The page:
The less aware we are of our shadow self, the more damage it will do. Church teachings on repentance, confession, and forgiveness make good sense. At some point we must say to at least one person: “My name is Joe, and I’m an alcoholic” (or a sex addict, or a workaholic, or an unloving man). Bring it out of darkness, and “everything that becomes visible is light” (Ephesians 5:14).
That’s what we mean by making friends with the shadow. The hero in the Holy Grail stories was advised not to kill the Dark Knight but to make friends with him. It took me years to comprehend this, but now I wonder if there is any other way to overcome evil except to make it work for you and get it on your side. That’s what Jesus did on the cross by making his own murder the salvation of the world. He didn’t destroy his killers, but forgave them because “they do not know what they are doing” (Luke 23:34). The shadow never knows what it is doing.
– Richard Rohr
Pain teaches a most counterintuitive thing—that we must go down before we even know what up is. It is first an ordinary wound before it can become a sacred wound. Suffering of some sort seems to be the only thing strong enough to destabilize our arrogance and our ignorance. I would define suffering very simply as “whenever you are not in control.”
All healthy religion shows you what to do with your pain. If we do not transform our pain, we will most assuredly transmit it. If your religion is not showing you how to transform your pain, it is junk religion. It is no surprise that a crucified man became the central symbol of Christianity.
If we cannot find a way to make our wounds into sacred wounds, we invariably become negative or bitter—because we will be wounded. That is a given. All suffering is potentially redemptive, all wounds are potentially sacred wounds. It depends on what you do with them. Can you find God in them or not?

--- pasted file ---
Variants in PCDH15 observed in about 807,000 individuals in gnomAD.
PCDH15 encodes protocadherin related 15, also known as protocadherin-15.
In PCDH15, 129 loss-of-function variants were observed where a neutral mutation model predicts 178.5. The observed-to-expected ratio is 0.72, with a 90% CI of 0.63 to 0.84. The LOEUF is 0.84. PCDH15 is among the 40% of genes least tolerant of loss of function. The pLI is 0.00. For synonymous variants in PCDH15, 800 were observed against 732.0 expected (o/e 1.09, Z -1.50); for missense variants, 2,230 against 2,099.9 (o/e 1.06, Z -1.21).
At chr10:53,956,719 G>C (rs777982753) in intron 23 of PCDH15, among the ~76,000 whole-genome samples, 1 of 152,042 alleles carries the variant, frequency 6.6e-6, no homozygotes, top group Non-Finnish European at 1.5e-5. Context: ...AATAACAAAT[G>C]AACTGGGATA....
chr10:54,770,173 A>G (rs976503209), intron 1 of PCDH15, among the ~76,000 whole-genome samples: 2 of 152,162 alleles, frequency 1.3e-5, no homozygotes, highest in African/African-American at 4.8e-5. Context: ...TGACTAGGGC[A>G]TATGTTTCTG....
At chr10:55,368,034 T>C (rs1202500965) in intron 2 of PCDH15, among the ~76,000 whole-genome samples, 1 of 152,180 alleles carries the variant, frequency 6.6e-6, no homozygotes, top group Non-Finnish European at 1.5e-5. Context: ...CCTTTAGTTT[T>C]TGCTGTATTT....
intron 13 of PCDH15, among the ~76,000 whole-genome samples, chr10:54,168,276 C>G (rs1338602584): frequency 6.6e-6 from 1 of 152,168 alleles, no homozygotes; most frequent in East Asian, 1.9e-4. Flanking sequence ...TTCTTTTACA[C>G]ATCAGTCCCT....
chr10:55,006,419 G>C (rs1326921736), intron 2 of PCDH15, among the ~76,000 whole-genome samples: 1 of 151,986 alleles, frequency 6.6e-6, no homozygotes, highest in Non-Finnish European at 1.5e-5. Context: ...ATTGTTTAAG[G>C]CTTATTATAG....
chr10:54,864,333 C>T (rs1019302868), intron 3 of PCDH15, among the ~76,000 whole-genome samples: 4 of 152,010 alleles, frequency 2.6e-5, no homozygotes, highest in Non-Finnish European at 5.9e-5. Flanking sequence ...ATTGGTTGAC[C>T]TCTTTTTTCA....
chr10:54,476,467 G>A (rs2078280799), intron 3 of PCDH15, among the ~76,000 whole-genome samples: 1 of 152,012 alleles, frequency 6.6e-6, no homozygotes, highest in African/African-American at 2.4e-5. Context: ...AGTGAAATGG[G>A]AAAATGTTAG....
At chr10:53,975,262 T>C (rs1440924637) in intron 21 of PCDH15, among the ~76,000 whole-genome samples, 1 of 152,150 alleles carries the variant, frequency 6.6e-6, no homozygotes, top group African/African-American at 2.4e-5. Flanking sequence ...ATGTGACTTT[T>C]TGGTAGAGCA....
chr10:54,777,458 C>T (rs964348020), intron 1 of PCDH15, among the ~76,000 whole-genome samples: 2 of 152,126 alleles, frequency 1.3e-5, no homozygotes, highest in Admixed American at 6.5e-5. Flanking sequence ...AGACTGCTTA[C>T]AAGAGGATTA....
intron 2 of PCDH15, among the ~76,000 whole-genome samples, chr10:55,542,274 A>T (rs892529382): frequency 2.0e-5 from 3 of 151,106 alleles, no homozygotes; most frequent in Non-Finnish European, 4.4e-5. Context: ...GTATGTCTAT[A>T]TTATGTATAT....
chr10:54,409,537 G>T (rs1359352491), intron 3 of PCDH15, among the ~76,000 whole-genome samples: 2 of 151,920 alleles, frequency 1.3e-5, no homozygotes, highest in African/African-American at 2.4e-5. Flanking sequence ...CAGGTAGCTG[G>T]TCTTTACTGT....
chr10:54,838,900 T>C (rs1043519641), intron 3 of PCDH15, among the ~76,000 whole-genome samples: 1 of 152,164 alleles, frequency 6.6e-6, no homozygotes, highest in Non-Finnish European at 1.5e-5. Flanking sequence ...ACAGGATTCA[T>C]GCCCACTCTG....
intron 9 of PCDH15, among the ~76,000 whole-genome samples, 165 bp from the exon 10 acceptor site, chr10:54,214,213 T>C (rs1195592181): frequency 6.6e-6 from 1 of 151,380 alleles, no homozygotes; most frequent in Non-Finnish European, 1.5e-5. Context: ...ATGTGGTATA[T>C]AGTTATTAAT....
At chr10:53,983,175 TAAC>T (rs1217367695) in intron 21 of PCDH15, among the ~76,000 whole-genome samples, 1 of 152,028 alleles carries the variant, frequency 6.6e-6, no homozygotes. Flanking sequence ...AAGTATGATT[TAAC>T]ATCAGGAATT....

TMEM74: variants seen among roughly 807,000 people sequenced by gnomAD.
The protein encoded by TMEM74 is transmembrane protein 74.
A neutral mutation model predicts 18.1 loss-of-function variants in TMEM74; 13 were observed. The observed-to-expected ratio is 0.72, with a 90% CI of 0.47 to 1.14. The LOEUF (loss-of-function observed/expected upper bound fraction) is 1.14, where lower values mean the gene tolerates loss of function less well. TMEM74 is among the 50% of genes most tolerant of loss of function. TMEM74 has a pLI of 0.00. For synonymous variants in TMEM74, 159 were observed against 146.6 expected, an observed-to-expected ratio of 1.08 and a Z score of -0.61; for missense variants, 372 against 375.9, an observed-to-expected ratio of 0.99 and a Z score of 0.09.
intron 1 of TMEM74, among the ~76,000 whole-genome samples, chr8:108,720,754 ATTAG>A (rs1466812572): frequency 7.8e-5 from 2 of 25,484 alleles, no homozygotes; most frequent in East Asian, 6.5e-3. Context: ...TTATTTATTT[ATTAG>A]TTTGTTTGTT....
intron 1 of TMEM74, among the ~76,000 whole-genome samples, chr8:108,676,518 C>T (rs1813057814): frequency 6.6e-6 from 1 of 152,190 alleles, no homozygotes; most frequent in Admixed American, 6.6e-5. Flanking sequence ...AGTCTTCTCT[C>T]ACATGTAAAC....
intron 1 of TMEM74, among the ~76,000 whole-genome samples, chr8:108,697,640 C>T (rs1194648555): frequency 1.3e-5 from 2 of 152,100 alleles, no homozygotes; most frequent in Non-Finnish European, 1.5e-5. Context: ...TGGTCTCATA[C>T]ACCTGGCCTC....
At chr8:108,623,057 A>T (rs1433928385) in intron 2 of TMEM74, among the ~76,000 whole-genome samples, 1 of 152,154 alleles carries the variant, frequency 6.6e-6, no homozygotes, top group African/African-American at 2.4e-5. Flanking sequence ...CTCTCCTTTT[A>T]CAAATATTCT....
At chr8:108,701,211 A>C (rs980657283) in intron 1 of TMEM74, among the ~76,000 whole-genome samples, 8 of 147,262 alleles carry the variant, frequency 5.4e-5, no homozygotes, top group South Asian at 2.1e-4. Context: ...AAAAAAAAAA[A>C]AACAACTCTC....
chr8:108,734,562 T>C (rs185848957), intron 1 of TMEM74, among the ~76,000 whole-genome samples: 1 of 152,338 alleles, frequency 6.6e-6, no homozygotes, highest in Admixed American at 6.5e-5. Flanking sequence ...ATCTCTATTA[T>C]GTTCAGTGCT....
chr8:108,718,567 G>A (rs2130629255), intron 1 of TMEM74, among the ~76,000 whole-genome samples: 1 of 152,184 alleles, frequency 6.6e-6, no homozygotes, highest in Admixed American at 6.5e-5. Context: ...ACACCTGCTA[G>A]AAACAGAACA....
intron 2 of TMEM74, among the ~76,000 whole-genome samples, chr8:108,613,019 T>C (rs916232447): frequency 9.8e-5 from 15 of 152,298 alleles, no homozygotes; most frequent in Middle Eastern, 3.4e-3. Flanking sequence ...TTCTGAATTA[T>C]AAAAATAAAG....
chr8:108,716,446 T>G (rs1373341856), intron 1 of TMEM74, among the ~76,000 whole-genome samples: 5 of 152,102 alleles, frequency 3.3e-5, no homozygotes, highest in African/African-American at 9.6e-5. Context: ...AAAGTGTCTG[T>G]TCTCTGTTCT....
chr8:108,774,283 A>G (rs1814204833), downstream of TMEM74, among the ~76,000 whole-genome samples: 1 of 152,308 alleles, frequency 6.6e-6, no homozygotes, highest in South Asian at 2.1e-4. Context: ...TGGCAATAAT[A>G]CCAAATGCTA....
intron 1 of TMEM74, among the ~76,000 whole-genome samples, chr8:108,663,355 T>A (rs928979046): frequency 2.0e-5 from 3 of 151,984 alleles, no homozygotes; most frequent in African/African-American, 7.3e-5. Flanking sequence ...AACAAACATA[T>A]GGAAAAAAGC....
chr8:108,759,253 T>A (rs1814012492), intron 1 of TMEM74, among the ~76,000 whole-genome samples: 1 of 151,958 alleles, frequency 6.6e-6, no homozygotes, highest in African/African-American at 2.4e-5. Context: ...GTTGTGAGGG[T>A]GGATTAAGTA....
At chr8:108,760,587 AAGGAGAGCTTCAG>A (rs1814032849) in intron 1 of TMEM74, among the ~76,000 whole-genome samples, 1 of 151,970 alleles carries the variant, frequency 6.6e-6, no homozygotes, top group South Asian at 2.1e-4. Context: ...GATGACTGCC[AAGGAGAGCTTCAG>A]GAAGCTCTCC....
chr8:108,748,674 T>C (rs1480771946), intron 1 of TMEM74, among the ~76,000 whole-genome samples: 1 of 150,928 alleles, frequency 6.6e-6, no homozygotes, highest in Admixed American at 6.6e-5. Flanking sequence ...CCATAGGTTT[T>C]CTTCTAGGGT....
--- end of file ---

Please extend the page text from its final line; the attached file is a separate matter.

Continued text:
If there isn’t some way to find some deeper meaning to our suffering, to find that God is somehow in it, and can even use it for good, we will normally close up and close down, and the second half of our lives will, quite frankly, be small and silly.
– Richard Rohr
Welcome, welcome, welcome.
I welcome everything that comes to me today
because I know it’s for my healing.
I welcome all thoughts, feelings, emotions, persons,
situations, and conditions.
I let go of my desire for power and control.
I let go of my desire for affection, esteem,
approval and pleasure.
I let go of my desire for survival and security.
I let go of my desire to change any situation,
condition, person or myself.
I open to the love and presence of God and
God’s action within. Amen.
My worst habit is I get so tired of winter
I become a torture to those I am with.
If you’re not here, nothing grows.
I lack clarity. My words
tangle up and knot.
How to cure bad water? Send it back to the river.
How to cure bad habits? Send me back to you.
When water gets caught in the habitual whirlpools,
dig a way out through the bottom
to the ocean. There is a secret medicine
given only to those who hurt so hard
they can’t hope.
The hopers would feel slighted if they knew.
Look as long as you can at the friend you love,
no matter if that friend is moving away from you
or coming back towards you.
Don’t let your throat tighten
with fear. Take sips of breath
all day and night, before death
closes your mouth.
Mockingbirds flitting still
from limb to stone.
A hawk whistles, high
alone. Cardinals gone.
Other morning birds
gone, songs done.
Now two crows,
cawing in the pines –
recall a memory of a boy –
clear, full, fine.
“Leaping Novice,” photography by Janet Powers from issue 3 of Hole In The Head Review, coming Saturday 08.01.2020
I was in grad school when my son, Ben, was born. We lived in student housing – an apartment so small that we had to move his little crib into the bathroom each night.
Since his mother had an actual job while I was busy becoming a serious poet (sic), I would often do the middle of the night feeding since I was awake writing serious poetry all night. I had just scored a remaindered copy of Moby Dick at the UNH bookstore and began to read it to him at night while I gave him a bottle.
That was 43 years ago today. Those nights were special. I remember them like it was last night. Quiet except for the little noises a baby makes and me essentially whispering Melville’s words…
Call me Ishmael. Some years ago – never mind how long precisely – having little or no money in my purse, and nothing particular to interest me on shore, I thought I would sail about a little and see the watery part of the world.
I’ve read about the white whale every year since that summer of 1977. So today I happily (madly!) cast off again!
But ask the animals, and they will teach you,
or the birds in the sky, and they will tell you;
or speak to the earth, and it will teach you,
or let the fish in the sea inform you.